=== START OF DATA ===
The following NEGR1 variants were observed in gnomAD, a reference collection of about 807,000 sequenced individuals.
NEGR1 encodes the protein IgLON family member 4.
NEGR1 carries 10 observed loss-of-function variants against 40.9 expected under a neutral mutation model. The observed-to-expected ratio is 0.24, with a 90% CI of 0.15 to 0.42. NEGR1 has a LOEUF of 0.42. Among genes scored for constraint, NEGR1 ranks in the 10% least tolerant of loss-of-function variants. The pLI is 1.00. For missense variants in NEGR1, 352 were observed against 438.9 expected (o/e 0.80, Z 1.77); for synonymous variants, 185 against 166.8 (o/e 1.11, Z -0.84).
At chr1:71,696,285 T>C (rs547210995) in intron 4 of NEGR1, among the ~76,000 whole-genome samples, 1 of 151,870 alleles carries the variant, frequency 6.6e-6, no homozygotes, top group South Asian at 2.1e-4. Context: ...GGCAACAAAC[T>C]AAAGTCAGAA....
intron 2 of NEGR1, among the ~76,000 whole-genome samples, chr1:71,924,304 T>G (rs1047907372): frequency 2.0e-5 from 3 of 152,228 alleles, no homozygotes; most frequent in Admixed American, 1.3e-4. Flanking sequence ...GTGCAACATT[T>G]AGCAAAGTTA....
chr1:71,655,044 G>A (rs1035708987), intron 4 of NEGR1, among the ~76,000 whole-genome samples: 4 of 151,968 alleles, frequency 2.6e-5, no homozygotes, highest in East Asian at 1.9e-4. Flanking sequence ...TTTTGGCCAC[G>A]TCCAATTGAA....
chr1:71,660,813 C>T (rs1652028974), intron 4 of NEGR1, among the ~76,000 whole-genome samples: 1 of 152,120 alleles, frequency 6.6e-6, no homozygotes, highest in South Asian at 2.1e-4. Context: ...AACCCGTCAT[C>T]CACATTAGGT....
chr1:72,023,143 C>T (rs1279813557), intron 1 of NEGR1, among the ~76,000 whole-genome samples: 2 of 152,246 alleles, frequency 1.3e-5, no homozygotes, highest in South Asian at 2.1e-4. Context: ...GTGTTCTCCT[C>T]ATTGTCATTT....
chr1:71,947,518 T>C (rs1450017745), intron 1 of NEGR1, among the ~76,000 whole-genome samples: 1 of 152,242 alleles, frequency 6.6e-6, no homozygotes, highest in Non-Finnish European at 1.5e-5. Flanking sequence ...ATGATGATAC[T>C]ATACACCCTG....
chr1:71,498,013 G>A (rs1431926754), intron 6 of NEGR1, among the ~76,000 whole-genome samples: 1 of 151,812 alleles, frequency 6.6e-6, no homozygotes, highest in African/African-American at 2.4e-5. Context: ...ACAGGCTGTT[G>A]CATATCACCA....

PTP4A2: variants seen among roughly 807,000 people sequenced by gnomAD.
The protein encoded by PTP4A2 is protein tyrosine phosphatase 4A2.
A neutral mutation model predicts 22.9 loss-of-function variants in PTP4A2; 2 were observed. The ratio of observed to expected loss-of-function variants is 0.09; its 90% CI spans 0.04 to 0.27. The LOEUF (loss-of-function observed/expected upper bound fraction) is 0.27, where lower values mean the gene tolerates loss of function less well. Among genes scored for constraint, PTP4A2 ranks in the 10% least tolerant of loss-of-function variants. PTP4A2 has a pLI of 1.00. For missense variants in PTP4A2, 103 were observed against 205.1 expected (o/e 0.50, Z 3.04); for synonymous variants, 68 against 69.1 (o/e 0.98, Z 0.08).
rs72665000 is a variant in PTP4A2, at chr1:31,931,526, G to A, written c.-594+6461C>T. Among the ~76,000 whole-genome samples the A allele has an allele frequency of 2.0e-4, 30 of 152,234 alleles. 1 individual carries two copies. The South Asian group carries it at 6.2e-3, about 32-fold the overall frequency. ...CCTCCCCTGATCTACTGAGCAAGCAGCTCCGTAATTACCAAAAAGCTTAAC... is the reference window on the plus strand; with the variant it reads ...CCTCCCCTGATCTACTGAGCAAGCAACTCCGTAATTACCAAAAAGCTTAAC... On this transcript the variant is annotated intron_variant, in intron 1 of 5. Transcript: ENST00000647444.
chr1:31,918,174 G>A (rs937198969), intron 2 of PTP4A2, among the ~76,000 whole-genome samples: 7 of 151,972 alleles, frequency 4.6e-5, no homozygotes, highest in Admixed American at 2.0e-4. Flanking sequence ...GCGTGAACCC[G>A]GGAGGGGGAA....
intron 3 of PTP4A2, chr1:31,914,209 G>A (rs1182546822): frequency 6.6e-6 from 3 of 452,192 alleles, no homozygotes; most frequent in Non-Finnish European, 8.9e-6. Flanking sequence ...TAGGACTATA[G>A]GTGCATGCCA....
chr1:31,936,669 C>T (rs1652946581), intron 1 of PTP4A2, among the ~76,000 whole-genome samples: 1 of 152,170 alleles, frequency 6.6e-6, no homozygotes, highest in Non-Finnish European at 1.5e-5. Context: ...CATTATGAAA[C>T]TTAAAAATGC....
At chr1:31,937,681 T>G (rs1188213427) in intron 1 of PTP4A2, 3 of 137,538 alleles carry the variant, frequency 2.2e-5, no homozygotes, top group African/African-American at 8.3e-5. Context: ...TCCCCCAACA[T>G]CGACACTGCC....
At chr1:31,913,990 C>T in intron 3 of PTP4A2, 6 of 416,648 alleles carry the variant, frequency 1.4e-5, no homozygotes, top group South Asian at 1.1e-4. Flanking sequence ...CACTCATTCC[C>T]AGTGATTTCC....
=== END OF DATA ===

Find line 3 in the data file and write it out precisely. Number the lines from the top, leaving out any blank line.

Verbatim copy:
NEGR1 carries 10 observed loss-of-function variants against 40.9 expected under a neutral mutation model. The observed-to-expected ratio is 0.24, with a 90% CI of 0.15 to 0.42. NEGR1 has a LOEUF of 0.42. Among genes scored for constraint, NEGR1 ranks in the 10% least tolerant of loss-of-function variants. The pLI is 1.00. For missense variants in NEGR1, 352 were observed against 438.9 expected (o/e 0.80, Z 1.77); for synonymous variants, 185 against 166.8 (o/e 1.11, Z -0.84).